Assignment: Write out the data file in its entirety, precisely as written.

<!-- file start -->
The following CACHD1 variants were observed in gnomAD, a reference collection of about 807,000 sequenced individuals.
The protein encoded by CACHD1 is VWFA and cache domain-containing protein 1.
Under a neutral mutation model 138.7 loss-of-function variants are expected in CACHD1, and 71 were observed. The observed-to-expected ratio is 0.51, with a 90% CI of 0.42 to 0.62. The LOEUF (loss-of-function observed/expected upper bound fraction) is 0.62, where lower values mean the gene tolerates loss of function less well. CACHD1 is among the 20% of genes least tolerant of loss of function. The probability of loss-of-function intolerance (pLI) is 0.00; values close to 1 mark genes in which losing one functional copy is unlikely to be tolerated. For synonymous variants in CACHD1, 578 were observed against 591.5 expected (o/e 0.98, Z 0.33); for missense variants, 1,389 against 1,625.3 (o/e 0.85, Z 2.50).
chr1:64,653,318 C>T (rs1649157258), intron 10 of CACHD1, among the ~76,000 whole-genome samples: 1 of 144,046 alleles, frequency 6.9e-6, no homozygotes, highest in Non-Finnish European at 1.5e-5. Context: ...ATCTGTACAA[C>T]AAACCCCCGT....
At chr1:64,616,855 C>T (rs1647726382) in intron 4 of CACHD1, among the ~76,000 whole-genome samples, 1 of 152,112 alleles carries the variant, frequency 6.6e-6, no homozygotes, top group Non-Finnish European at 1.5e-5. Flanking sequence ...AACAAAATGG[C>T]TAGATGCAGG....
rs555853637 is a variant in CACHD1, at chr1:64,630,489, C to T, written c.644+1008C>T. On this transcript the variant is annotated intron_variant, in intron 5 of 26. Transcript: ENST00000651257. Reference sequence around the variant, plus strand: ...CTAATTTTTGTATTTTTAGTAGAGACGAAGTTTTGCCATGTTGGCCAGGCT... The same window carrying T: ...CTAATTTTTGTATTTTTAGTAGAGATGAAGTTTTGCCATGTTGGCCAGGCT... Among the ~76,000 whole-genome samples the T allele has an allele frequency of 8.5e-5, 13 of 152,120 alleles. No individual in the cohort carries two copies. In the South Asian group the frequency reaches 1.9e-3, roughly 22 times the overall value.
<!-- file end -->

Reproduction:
The following CACHD1 variants were observed in gnomAD, a reference collection of about 807,000 sequenced individuals.
The protein encoded by CACHD1 is VWFA and cache domain-containing protein 1.
Under a neutral mutation model 138.7 loss-of-function variants are expected in CACHD1, and 71 were observed. The observed-to-expected ratio is 0.51, with a 90% CI of 0.42 to 0.62. The LOEUF (loss-of-function observed/expected upper bound fraction) is 0.62, where lower values mean the gene tolerates loss of function less well. CACHD1 is among the 20% of genes least tolerant of loss of function. The probability of loss-of-function intolerance (pLI) is 0.00; values close to 1 mark genes in which losing one functional copy is unlikely to be tolerated. For synonymous variants in CACHD1, 578 were observed against 591.5 expected (o/e 0.98, Z 0.33); for missense variants, 1,389 against 1,625.3 (o/e 0.85, Z 2.50).
chr1:64,653,318 C>T (rs1649157258), intron 10 of CACHD1, among the ~76,000 whole-genome samples: 1 of 144,046 alleles, frequency 6.9e-6, no homozygotes, highest in Non-Finnish European at 1.5e-5. Context: ...ATCTGTACAA[C>T]AAACCCCCGT....
At chr1:64,616,855 C>T (rs1647726382) in intron 4 of CACHD1, among the ~76,000 whole-genome samples, 1 of 152,112 alleles carries the variant, frequency 6.6e-6, no homozygotes, top group Non-Finnish European at 1.5e-5. Flanking sequence ...AACAAAATGG[C>T]TAGATGCAGG....
rs555853637 is a variant in CACHD1, at chr1:64,630,489, C to T, written c.644+1008C>T. On this transcript the variant is annotated intron_variant, in intron 5 of 26. Transcript: ENST00000651257. Reference sequence around the variant, plus strand: ...CTAATTTTTGTATTTTTAGTAGAGACGAAGTTTTGCCATGTTGGCCAGGCT... The same window carrying T: ...CTAATTTTTGTATTTTTAGTAGAGATGAAGTTTTGCCATGTTGGCCAGGCT... Among the ~76,000 whole-genome samples the T allele has an allele frequency of 8.5e-5, 13 of 152,120 alleles. No individual in the cohort carries two copies. In the South Asian group the frequency reaches 1.9e-3, roughly 22 times the overall value.